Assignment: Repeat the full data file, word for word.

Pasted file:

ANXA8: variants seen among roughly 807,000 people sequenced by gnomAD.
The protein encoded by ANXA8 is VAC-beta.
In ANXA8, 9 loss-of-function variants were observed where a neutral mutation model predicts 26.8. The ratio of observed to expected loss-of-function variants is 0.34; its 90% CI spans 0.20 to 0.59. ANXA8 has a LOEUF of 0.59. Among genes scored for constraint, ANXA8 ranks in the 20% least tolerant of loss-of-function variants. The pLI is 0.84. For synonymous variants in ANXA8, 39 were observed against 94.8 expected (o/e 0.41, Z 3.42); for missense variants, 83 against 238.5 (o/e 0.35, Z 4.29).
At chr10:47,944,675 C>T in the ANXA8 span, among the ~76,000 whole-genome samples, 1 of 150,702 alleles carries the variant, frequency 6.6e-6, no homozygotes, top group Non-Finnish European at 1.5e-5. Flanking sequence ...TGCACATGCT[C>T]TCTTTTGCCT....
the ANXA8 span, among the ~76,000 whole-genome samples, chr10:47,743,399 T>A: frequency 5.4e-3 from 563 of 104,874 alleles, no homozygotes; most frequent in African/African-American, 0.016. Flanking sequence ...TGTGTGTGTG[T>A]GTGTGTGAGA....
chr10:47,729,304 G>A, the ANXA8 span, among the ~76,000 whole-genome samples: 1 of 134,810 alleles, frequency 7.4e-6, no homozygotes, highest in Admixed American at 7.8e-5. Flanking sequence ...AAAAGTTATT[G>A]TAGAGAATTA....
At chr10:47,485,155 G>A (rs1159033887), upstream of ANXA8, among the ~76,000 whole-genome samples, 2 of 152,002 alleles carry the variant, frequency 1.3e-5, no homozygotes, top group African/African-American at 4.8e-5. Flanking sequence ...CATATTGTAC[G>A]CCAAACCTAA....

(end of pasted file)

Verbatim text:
ANXA8: variants seen among roughly 807,000 people sequenced by gnomAD.
The protein encoded by ANXA8 is VAC-beta.
In ANXA8, 9 loss-of-function variants were observed where a neutral mutation model predicts 26.8. The ratio of observed to expected loss-of-function variants is 0.34; its 90% CI spans 0.20 to 0.59. ANXA8 has a LOEUF of 0.59. Among genes scored for constraint, ANXA8 ranks in the 20% least tolerant of loss-of-function variants. The pLI is 0.84. For synonymous variants in ANXA8, 39 were observed against 94.8 expected (o/e 0.41, Z 3.42); for missense variants, 83 against 238.5 (o/e 0.35, Z 4.29).
At chr10:47,944,675 C>T in the ANXA8 span, among the ~76,000 whole-genome samples, 1 of 150,702 alleles carries the variant, frequency 6.6e-6, no homozygotes, top group Non-Finnish European at 1.5e-5. Flanking sequence ...TGCACATGCT[C>T]TCTTTTGCCT....
the ANXA8 span, among the ~76,000 whole-genome samples, chr10:47,743,399 T>A: frequency 5.4e-3 from 563 of 104,874 alleles, no homozygotes; most frequent in African/African-American, 0.016. Flanking sequence ...TGTGTGTGTG[T>A]GTGTGTGAGA....
chr10:47,729,304 G>A, the ANXA8 span, among the ~76,000 whole-genome samples: 1 of 134,810 alleles, frequency 7.4e-6, no homozygotes, highest in Admixed American at 7.8e-5. Flanking sequence ...AAAAGTTATT[G>A]TAGAGAATTA....
At chr10:47,485,155 G>A (rs1159033887), upstream of ANXA8, among the ~76,000 whole-genome samples, 2 of 152,002 alleles carry the variant, frequency 1.3e-5, no homozygotes, top group African/African-American at 4.8e-5. Flanking sequence ...CATATTGTAC[G>A]CCAAACCTAA....